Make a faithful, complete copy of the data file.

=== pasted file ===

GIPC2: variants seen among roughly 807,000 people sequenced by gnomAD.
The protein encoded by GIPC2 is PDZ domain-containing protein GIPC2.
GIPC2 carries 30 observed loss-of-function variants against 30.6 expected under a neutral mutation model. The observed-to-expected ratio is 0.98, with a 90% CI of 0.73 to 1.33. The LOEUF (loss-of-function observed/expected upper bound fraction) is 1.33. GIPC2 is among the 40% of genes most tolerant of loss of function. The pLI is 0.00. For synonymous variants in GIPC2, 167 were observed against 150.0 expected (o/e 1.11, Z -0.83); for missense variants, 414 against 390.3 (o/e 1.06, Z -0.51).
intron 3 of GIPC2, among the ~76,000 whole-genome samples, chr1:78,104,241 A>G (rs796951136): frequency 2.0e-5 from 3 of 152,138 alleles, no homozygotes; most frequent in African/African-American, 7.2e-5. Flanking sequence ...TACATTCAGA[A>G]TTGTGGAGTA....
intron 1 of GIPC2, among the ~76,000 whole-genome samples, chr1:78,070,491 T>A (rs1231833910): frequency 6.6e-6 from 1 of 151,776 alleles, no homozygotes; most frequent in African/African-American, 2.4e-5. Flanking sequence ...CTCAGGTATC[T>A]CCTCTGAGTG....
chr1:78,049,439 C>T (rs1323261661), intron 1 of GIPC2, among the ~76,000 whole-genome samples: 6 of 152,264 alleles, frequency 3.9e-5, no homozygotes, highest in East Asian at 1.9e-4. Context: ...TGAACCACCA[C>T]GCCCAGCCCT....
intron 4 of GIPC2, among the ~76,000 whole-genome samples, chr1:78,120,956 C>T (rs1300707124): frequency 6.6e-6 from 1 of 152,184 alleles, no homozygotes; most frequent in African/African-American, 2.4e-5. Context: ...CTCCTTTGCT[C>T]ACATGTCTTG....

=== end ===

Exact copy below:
GIPC2: variants seen among roughly 807,000 people sequenced by gnomAD.
The protein encoded by GIPC2 is PDZ domain-containing protein GIPC2.
GIPC2 carries 30 observed loss-of-function variants against 30.6 expected under a neutral mutation model. The observed-to-expected ratio is 0.98, with a 90% CI of 0.73 to 1.33. The LOEUF (loss-of-function observed/expected upper bound fraction) is 1.33. GIPC2 is among the 40% of genes most tolerant of loss of function. The pLI is 0.00. For synonymous variants in GIPC2, 167 were observed against 150.0 expected (o/e 1.11, Z -0.83); for missense variants, 414 against 390.3 (o/e 1.06, Z -0.51).
intron 3 of GIPC2, among the ~76,000 whole-genome samples, chr1:78,104,241 A>G (rs796951136): frequency 2.0e-5 from 3 of 152,138 alleles, no homozygotes; most frequent in African/African-American, 7.2e-5. Flanking sequence ...TACATTCAGA[A>G]TTGTGGAGTA....
intron 1 of GIPC2, among the ~76,000 whole-genome samples, chr1:78,070,491 T>A (rs1231833910): frequency 6.6e-6 from 1 of 151,776 alleles, no homozygotes; most frequent in African/African-American, 2.4e-5. Flanking sequence ...CTCAGGTATC[T>A]CCTCTGAGTG....
chr1:78,049,439 C>T (rs1323261661), intron 1 of GIPC2, among the ~76,000 whole-genome samples: 6 of 152,264 alleles, frequency 3.9e-5, no homozygotes, highest in East Asian at 1.9e-4. Context: ...TGAACCACCA[C>T]GCCCAGCCCT....
intron 4 of GIPC2, among the ~76,000 whole-genome samples, chr1:78,120,956 C>T (rs1300707124): frequency 6.6e-6 from 1 of 152,184 alleles, no homozygotes; most frequent in African/African-American, 2.4e-5. Context: ...CTCCTTTGCT[C>T]ACATGTCTTG....